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She Ain't No Joke

Felicia Pride

Independent hip-hop artist Flo Brown chats with PopMatters music critic Felicia Pride on Whateva Comes to Mind, her recently released album.

Even though she calls Brick City (Newark, New Jersey) home, Baltimore, Maryland will always conjure treasured memories for Flo Brown. "I had my first album release party in Baltimore and I always look forward to coming back," she says. "It is a very special place for me." The album of which she humbly speaks is her recently and independently self-released 2003 debut, Whateva Comes to Mind, which was about eight years in the making. That's a long time, considering the surplus of sub par hip-hop CDs that have been released with content embarrassingly inferior to Flo's lyrical deftness. "Time was a part of it," she says of her album's long development. "The time was what composed it, but to me it is more important to accurately express myself.

The result of several years of fine-tuned expression is a fearless, yet poignant testament from the lips of a black woman and the depths of an emcee with a penchant for exposing truths and a passion for verbalizing experiences. "It's natural, it's second nature, and habitual for me to say shit my way," she says. And she says shit her way with an execution as classic and distinct as the orange Air Force Ones on her feet. Her flow, like her sneakers, will never go out of style.

That's because platelets of hip-hop run through the blood of this poet-turned-rapper who has been called Flo since she can remember. As a child, she was enthralled with wordplay, penning poems motivated by her childhood heroes, Queen Latifah and Rakim. As she grew older, writing took on a therapeutic form, allowing her to acknowledge and accept life experiences.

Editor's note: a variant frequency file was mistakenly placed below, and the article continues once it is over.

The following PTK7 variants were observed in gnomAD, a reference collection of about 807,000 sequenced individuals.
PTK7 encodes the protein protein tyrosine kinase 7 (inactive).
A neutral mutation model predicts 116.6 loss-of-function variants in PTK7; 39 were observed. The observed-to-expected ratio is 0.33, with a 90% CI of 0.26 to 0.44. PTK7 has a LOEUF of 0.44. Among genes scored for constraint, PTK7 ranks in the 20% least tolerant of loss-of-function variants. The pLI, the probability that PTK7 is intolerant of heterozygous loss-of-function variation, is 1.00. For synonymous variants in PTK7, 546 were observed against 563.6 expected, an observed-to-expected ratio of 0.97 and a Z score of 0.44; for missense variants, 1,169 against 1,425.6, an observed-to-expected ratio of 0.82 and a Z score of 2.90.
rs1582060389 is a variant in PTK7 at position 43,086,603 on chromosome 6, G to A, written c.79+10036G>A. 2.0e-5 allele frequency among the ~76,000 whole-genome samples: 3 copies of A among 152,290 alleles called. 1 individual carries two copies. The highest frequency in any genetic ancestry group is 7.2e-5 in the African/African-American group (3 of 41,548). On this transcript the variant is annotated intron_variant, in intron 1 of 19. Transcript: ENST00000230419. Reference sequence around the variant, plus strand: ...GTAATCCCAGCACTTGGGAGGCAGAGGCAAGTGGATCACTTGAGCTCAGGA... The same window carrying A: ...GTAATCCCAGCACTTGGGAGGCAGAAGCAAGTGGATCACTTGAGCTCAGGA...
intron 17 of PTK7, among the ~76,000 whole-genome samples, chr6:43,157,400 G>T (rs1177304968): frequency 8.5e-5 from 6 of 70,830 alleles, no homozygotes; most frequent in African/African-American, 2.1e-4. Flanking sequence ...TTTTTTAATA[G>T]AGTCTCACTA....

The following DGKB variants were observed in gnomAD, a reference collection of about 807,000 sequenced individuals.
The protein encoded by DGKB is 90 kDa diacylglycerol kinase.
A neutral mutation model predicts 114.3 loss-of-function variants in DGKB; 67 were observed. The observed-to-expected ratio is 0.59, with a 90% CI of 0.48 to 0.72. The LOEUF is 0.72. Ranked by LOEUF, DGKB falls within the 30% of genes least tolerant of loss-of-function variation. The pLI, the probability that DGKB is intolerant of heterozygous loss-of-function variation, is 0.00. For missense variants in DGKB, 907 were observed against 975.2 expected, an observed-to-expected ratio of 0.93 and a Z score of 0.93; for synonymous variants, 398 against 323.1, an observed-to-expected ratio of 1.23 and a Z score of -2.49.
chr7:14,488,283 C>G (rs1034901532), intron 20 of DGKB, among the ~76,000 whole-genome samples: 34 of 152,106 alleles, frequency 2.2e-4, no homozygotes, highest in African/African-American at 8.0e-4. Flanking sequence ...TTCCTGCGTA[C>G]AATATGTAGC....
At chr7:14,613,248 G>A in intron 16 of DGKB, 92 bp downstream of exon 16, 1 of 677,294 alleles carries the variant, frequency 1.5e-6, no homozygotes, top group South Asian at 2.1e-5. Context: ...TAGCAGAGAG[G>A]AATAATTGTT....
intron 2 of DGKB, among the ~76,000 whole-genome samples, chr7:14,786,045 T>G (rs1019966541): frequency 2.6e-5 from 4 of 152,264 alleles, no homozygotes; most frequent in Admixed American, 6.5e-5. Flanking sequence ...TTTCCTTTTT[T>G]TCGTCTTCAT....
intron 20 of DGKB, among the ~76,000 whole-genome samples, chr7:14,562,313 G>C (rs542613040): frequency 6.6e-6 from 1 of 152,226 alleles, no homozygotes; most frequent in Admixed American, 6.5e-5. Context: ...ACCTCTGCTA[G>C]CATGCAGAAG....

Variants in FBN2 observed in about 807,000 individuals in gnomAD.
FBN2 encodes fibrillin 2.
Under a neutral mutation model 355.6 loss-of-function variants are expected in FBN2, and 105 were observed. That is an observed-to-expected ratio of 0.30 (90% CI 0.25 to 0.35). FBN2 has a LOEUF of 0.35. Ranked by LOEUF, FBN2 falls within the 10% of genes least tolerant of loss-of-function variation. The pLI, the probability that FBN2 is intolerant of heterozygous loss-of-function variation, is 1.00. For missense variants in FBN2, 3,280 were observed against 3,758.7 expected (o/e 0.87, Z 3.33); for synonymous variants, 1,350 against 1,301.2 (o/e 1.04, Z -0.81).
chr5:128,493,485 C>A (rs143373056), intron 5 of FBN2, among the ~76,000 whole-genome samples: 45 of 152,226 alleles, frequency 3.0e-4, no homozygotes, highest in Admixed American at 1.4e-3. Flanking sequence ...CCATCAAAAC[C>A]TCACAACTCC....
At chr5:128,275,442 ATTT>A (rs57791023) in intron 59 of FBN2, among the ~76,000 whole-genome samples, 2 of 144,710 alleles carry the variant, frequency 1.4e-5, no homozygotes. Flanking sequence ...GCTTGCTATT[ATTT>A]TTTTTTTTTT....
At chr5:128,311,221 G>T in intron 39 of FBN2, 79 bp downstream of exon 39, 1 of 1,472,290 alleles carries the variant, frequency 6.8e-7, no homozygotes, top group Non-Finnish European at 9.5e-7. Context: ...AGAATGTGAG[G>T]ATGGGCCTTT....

She became serious about rapping on the campus of Howard University, embracing the art form like a lover. It was also at Howard that the daughter of the dust emerged. Observing the power of hip-hop as a tool for change both within herself and in her environment generated early raps that set a precedent for sharp social commentary. "A lot of the stuff I rapped about at Howard foreshadowed what was to come, the things people eventually used to attack me [with], like being black and being a woman," she says. "I was seeing it then and a lot of that [discrimination] ultimately happened to me."

A degree in sociology has helped her analyze the habits and behaviors that pervade hip-hop and the industry, with everyday being a lesson in human nature. "In hip-hop I look at it as tribal," she says. "There's this tribe that talks about guns, and this tribe that talks about sex and women, and this tribe talking about the art of rhyming. So everybody got their own agenda, everybody is trying to bring their own noise."

So she brought hers. She brought it to Lyricist Lounge. She brought it to Black Lilly as an original member of the eclectic music series that started in New York City and has settled at Philadelphia's Five Spot nightclub. And she brought it on tour with the Roots. Audiences are still shocked when the petite emcee hits the stage and rips with an aggressive focus, candidly reciting a line like, "Ima test y'all niggas and I wish y'all would." Just like her forefather Rakim, she ain't no joke.

But the self-proclaimed feminine guerilla is a honey-scented creature that rumbles wearing pink and realizes being a woman doesn't suppress her talent or ability to paint an unpretty picture if necessary. "Calling myself a feminine guerilla reflects my struggle but also is me acknowledging my femininity and being proud of it," she says. "It is not limiting, it is limitless."